Many scientists embrace the artistic medium to infuse new ideas into their scientific works. With science-art collaborations, both artists and scientists challenge their ways of thinking as well as the process of artistic and scientific inquiry. Can art hold a mirror to science? Can it help frame and answer uncomfortable questions about science: its practice and its impact on society? Do artistic practices inform science? In short, does art aid evidence?
Nature India’s blog series ‘SciArt Scribbles’ will try to answer some of these questions through the works of some brilliant Indian scientists and artists working at this novel intersection that offers limitless possibilities. You can follow this online conversation with #SciArtscribbles .
Shraddha Nayak paints to bring clarity to complex biological phenomena. A PhD. from the Department of Pharmacology and Toxicology at the Medical College of Wisconsin, USA, here’s how this Bangalore-based biomedical scientist and illustrator finds stunning art in everyday biological processes.
Towards the end of my doctoral studies in Milwaukee, Wisconsin, I was strolling down the city sidewalks one chilly evening and came across a beautiful art store. The last time I made an oil-painting was in middle school. At that moment, I felt like a small fish that fell for the bait. Of course, I was enticed into buying a few paints that looked and smelled delicious.
At first, I made some random art, but those days my mind was swirling with lymphocytes and macrophages and interleukin production and it made an appearance on my canvas (Image 1 below).
I liked how it turned out and made a few more. I am not sure if this helped me with research, but time slowed down while painting and I was wrapped in peace.
Research on adenosine biology (my laboratory interest during PhD) has been going on for almost 90 years. The amount of literature that exists is phenomenal and I often found myself drowning in it. I wanted to put my readings in one frame, in one big picture to see how all these studies connected. I also relished making graphs and little representations of data, and spending hours under the microscope to get the perfect shot, more than doing wet-lab experiments.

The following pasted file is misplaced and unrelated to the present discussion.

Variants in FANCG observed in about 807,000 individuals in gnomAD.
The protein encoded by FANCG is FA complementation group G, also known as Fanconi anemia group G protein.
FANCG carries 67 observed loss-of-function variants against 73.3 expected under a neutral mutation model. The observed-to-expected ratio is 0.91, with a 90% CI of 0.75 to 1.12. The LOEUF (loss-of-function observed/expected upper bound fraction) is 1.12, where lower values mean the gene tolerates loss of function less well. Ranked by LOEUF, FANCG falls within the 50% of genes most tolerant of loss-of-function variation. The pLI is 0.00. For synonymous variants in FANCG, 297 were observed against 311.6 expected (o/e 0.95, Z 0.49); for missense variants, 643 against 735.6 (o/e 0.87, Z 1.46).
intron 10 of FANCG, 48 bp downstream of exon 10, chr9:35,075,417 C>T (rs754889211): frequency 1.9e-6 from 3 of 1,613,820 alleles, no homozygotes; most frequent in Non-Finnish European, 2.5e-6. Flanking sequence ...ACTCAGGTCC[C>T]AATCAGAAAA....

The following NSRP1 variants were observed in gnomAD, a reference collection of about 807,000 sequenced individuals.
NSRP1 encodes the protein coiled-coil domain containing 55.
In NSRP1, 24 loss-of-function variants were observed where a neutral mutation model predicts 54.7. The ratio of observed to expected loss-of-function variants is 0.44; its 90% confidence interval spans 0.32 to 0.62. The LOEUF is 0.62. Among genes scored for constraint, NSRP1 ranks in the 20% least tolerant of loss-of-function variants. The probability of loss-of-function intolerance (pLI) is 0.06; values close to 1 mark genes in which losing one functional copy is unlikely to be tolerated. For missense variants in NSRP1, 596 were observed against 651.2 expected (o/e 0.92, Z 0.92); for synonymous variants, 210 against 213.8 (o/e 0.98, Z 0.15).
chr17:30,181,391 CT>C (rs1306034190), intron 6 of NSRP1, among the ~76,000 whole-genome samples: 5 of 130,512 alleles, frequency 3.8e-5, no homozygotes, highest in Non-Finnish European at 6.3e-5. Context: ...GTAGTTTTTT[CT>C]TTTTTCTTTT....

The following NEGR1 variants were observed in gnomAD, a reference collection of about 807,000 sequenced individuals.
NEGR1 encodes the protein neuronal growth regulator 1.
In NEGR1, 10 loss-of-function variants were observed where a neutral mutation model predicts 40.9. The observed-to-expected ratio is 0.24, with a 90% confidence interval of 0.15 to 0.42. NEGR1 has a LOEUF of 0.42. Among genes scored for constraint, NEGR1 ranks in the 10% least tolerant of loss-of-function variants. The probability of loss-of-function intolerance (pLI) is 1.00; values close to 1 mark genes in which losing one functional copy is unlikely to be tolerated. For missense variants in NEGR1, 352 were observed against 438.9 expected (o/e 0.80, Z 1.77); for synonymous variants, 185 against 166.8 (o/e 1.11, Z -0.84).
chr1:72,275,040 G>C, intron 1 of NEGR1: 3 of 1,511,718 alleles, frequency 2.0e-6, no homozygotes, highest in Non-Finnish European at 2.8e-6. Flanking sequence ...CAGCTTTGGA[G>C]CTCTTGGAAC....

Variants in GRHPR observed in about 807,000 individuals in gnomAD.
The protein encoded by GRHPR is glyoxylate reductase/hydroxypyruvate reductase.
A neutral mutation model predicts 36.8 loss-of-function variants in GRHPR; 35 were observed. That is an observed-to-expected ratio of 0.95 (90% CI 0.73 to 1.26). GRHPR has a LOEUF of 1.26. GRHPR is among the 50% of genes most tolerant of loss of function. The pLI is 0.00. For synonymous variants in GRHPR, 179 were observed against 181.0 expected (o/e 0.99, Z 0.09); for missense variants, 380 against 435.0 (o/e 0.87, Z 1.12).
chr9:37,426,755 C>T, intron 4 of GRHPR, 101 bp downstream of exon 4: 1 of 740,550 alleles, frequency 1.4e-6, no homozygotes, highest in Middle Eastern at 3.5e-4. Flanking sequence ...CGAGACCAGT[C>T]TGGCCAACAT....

Consequently, the day I stumbled upon a whole fascinating world of biomedical visualisation, I was off the diving board. Since then, I have realised the significance of design. Look at our good old paper clip for example, or an iron box or a spoon among numerous others. We tend to take these products for granted, but they are designed so efficiently that within milliseconds of laying sight on them we know what they are meant for. The same applies to scientific figures and illustrations. There are design strategies one could follow, that helps the message jump out instantly at readers.
For example, see Image 2 below. The scientist wanted a depiction of the above discovery in context of cardiovascular disease. I used colour sparingly, only for the main characters, to enable distinction between wild type and mutant. The background contextual illustration being important to convey the message has been presented, but greyed out to prevent distraction from the main point.
Cellular and molecular biology are very visual. Textbooks and scientific articles are replete with diagrams and illustrations. We have come a long way since the hand-drawings of the Renaissance period to digital renditions to communicate research and hypotheses. What we study, more often than not, involves looking at structure and/or dynamics and/or interactions from the bustling lives of characters that are invisible.
We only see a part of this drama unfold under the microscope. Why restrict ourselves to 2D thinking when our data is 3D, and when we have 3D tools to visualise the above facets? A few clever and creative scientists have developed (and are constantly expanding) ways of exploiting 3D animation software for research and its communication.
These are the very 3D programs used to create animated Disney-Pixar movies, or even used for automobile and architectural design beside other uses. They enable us to create context, test our hypotheses, consolidate data and simulate reality. And so, my journey as a molecular animator began. For example, see Image 3, where I use 3D animation to to help a lipid researcher visualise structural facets of a high-density lipoprotein (HDL) receptor.
These programmes also provide wings to my imagination in fun ways. Working on an animation around a popular family of proteins found at the cell membrane (G protein-coupled receptor or GPCR), I drifted a little to create Image 4, from the adenosine receptor point of view, considering how much coffee the world drinks. (Caffeine, the stimulant found in coffee binds to adenosine receptors temporarily preventing drowsiness. Adenosine receptors are an example of GPCRs.)
I am not sure if I am creating art. The cell and molecular representations that we currently use, appear to be pieces of art on their own. Don’t you agree?
[Shraddha Nayak can be contacted at firstname.lastname@example.org. She tweets from @Na_y_ak ]